It looks like all frequencies do damage to the ear when the noise is too loud. The only difference is whether the range of frequencies affected is wide or narrow. One last note: sounds you can't hear, whether ultrasonic or infrasonic, can do damage to your hearing if they are loud enough.

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    $\begingroup$ It's worth noting that the ear has protective mechanicsms that reduce its sensitivity when exposed to loud sounds; this lessens the change of damage. But there's only so much these mechanisms can do, and a loud enough sound will still cause damage. $\endgroup$ Commented Mar 8, 2023 at 20:05
  • $\begingroup$ well.. it can't be only the pressure levels: considering loud sound level pressures around 1kPa ( en.wikipedia.org/wiki/Sound_pressure#Examples_of_sound_pressure and) and the presssure a human can produce: 10kPa..20kPa (quora.com/How-much-air-pressure-can-a-human-typically-produce), there has to be more to it. $\endgroup$
    – Apfelsaft
    Commented Mar 8, 2023 at 23:25
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    $\begingroup$ @CarlBerger Importantly, that pressure is against an occluded airway. Blowing air is a different matter since air can escape to the side. $\endgroup$
    – Mark H
    Commented Mar 9, 2023 at 1:00
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    $\begingroup$ I know you weren't advocating it, but that animal experient just sounds awful. What kind of human would do that.. $\endgroup$ Commented Mar 9, 2023 at 4:47
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    $\begingroup$ @LamarLatrell Yeah. To me, that experiment yields too little useful information for the pain and suffering it caused. Then again, natural experiments in this area are can be just as grim. Here's a blog post describing a study on the damage to human ears due to explosions that started with an army cannon accidentally exploding in 1887: skullsinthestars.com/2019/09/22/… $\endgroup$
    – Mark H
    Commented Mar 9, 2023 at 6:06

It hurts more for the same reason that giving someone a pat on the back doesn't hurt, but doing the same pat with a tack in your hand hurts a lot more.

Your question is about damage, but you mention about pain. Let's be clear that those are different things: pain is a sensation in your brain generated by certain stimuli. What causes pain can be a variety of different things, and "level of pain" does not strictly map to "amount of damage involved".

The phenomenon you're referring to doesn't sound like it's related to eardrums and rupturing those - those tend to happen at much higher decibels. Rather, the pain is probably from the stereocilia - little hairs in the inner ear that help to detect frequency.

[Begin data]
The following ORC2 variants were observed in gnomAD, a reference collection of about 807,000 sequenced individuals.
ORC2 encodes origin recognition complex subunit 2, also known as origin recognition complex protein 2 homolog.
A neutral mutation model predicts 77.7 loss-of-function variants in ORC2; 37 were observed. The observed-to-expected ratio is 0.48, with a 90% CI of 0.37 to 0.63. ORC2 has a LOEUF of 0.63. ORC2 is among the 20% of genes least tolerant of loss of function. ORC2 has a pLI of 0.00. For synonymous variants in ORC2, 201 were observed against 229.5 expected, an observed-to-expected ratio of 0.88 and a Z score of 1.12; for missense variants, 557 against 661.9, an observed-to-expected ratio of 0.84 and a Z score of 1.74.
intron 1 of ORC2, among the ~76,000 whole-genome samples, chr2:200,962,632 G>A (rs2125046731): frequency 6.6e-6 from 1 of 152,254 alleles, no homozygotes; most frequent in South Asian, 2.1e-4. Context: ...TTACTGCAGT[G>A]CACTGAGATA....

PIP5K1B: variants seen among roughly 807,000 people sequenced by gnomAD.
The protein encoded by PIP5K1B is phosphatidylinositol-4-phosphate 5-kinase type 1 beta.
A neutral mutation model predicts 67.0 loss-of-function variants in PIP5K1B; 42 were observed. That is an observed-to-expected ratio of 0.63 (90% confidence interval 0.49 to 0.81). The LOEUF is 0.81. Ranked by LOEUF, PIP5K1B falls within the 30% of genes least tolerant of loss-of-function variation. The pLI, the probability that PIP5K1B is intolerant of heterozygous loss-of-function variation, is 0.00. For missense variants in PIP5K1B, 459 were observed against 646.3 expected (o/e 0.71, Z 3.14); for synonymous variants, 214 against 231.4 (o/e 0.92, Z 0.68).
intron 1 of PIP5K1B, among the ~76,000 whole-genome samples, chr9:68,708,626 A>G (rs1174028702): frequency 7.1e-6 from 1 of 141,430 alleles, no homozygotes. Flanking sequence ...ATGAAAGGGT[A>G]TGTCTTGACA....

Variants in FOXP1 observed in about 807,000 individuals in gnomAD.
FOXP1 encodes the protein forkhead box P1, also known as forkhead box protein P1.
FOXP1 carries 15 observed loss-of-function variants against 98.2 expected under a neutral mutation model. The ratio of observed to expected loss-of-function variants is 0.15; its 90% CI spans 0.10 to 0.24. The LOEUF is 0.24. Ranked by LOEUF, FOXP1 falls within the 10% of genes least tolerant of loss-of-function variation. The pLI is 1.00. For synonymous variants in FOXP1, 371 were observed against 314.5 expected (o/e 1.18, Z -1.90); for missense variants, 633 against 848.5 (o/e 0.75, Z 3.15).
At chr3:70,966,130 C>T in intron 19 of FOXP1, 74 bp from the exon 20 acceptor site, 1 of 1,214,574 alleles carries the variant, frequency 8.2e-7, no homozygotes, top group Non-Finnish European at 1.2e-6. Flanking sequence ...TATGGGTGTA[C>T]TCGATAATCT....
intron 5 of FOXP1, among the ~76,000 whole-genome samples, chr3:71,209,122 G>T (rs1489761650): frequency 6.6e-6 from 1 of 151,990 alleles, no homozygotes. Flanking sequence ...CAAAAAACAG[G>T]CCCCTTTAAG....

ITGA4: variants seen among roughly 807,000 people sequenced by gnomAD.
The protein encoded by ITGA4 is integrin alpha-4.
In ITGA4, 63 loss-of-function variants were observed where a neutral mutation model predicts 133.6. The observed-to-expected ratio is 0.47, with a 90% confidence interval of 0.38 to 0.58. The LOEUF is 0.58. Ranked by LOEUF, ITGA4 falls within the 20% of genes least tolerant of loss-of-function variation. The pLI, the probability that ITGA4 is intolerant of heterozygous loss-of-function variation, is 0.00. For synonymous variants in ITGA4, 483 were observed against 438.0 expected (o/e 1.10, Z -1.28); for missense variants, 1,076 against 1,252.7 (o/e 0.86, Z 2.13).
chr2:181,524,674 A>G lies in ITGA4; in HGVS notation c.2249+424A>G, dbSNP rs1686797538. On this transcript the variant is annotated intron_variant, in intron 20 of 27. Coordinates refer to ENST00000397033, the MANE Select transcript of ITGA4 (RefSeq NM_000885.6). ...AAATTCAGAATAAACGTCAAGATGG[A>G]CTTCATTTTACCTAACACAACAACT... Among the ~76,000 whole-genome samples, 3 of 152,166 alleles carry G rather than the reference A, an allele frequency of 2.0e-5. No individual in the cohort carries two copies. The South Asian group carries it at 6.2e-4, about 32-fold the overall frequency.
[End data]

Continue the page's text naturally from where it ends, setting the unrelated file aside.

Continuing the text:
However, I'm not a biology expert, so I couldn't tell you much more. What I can tell you is the difference between whistling and blowing on a physics level. There are two main effects going on here:

  1. A whistle has a much stronger bias towards certain frequencies than blowing. While a few frequencies dominate the whistle to make it more distinctive, the many frequencies in blowing will counteract one another so that a lot of the vibrational energy (sound) gets cancelled out.
  2. A whistle is a better device for converting air pressure into sound. Energetically, there is simply more energy present as sound than there is in blowing. Conversely, for blowing, most of the energy remains as the movement of air that will easily diffuse harmlessly.

I think what you're missing is the second part - that vibrations (sound) are a different form of energy than net movement of particles ("pressure" against the eardrum in this example). That combines with the better "targeting" of frequencies against certain parts of the ear to make a whistle right in your ear a very unpleasant experience.


Being able to perceive distinct tones requires some sort of resonances (harmonic oscillators). If the resonances are mechanical (which they are in the inner ear, at least partly, because the inner ear is also said to be somewhat nonlinear), it can be over-excited like any other mechanical resonance (think of the Tacoma Narrows Bridge 1940). Since the resonance filters out a certain frequency band, the amount of energy in this frequency band determines the damage. Btw., it is not the resonance of the eardrum that matters, but the resonances of sections of the Cochlea inside the inner ear.

A blow of air basically contains a strong DC component superimposed by a broadband noise spectrum. In the DC (ultra low frequency) the inner ear is insensitive and only the eardrum can be damaged. The broadband noise may contain a lot of energy, but this is distributed over all frequencies, so that a single narrow oscillator only catches a small fraction of it.